Concrete Examples.

“Women are socialized to…”

I’ve had many friends basically say they don’t believe “women are raised to…” and use this skepticism to put the burden of gender inequality on women. Here are some concrete examples I can think of that support the idea that, currently, women are brought up in society to…

“Be quiet.”

I was actively reprimanded for speaking too much in class — in every single year from 3rd grade on, my teacher eventually condemned me to “two comments per class” to give others a chance to speak. I see this as a delightful gift that has endued me with empathy and a holistic, team-oriented perspective, but I also have been given feedback now, professionally, that I am not aggressive and not self-serving enough to get ahead.

“Yield to others’ wishes.”

When I was in preschool, I had a friend named Kayla. Kayla was, and is to this day, just about the sweetest girl that has ever existed. She is kind and thoughtful and adventurous and by all metrics a great friend to have for a three-year-old to eat sand with. But I was a little bitch-demon of a babe and so when Kayla one day asked me “hey do you want to play with me?” I said “NO. I DON’T LIKE YOU.”

“Put others first.”

When I tried out for the school jazz band, and made it my sophomore year, I was pumped. As a life-long band-nerd, getting into the school’s highest musical ensemble was an accomplishment of which I was sincerely proud. But one boy, who I grew up playing next to, wasn’t as excited.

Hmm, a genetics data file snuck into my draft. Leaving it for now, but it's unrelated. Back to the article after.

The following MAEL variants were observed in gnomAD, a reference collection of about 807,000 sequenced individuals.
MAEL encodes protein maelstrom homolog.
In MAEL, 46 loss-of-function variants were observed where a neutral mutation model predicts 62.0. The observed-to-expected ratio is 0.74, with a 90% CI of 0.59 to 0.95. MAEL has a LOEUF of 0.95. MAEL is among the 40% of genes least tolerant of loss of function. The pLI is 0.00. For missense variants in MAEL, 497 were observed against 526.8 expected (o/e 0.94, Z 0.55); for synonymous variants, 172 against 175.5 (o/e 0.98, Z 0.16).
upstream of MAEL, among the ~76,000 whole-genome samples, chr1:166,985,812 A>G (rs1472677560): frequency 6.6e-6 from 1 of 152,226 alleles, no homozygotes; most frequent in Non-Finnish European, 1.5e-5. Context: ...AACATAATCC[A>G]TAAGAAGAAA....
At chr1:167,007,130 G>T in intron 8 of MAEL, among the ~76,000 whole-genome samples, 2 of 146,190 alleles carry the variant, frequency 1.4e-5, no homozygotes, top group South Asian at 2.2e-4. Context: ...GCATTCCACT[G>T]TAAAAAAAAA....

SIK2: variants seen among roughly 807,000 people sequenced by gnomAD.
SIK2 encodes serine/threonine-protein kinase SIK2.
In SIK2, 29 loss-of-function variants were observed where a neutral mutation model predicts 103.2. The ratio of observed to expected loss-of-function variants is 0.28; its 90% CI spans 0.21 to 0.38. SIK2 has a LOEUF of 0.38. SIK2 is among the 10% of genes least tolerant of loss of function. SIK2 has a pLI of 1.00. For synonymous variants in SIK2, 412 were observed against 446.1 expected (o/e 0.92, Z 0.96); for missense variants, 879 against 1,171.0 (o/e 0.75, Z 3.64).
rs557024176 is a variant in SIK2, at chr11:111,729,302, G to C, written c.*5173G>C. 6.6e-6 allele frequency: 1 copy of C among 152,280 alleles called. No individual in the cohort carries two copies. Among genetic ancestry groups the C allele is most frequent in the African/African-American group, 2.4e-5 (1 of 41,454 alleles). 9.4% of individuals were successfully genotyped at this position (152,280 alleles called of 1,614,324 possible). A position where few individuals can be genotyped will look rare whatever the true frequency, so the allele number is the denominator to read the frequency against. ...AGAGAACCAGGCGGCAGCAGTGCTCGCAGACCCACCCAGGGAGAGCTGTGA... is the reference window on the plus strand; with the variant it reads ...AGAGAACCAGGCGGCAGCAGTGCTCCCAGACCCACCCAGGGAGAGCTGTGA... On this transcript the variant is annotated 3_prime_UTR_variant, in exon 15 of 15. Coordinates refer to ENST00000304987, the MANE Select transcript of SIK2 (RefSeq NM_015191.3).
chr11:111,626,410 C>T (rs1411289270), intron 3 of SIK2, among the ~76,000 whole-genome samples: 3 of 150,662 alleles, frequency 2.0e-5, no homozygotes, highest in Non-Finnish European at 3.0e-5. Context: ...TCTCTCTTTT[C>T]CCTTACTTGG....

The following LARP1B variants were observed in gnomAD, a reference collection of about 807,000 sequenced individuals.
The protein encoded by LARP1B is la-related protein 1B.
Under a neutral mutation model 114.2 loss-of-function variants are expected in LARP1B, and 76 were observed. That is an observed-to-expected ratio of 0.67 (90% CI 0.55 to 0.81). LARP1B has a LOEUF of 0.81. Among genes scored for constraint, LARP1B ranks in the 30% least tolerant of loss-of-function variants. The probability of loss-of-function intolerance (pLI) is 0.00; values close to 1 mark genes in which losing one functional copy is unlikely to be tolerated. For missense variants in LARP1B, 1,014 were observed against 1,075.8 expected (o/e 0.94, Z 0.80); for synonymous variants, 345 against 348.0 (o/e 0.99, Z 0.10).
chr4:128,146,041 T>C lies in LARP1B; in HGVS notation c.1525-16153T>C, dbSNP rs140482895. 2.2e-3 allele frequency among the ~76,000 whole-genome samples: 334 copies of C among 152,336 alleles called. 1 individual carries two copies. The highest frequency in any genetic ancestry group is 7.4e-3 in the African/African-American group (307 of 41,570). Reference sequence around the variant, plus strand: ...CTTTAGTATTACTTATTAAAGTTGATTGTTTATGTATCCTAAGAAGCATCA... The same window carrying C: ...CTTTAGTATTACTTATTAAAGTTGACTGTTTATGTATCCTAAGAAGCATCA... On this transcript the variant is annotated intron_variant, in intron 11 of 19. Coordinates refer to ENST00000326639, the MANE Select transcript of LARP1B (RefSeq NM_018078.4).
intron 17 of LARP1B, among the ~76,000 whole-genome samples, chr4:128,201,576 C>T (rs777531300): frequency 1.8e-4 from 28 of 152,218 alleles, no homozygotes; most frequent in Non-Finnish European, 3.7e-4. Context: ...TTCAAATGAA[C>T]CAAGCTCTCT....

“Aim low.”

My junior year of high school, I had the choice to take all AP classes, plus the hardest musical ensemble (plus some other extra-curriculars). My brother did this his junior year. He got into CalTech. I wanted to get into a good school. I also was tired of dealing with the bullshit that comes in public high school — side conversations, drama, dumb kids not paying attention or not caring. That shit drove me nuts. I was so excited to be in only AP classes and put that behind me.

“Act dumb.”

In 7th grade, I cried when I got my report card. I cried because I had gotten a 4.0, and I didn’t want to be a nerd. I don’t know why exactly I cried, or what led to the crying, but I remember I cried and distinctly remember three different responses.

“Let someone else be in charge.”

Also in 7th grade, in algebra class (for 8th graders, get on my level), we took tests as a group of four. I love this style of test-taking, because it encourages collaboration, teamwork, and a shared sense of belonging. It also demands confidence — “I know I’m right, so that’s the answer we’re putting down.”

In Conclusion…

I don’t know if these experiences are unique to me, but I have shared these stories quite a few times.

PhD Student at University of Glasgow. Likes robots, the outdoors, and guacamole. She/hers.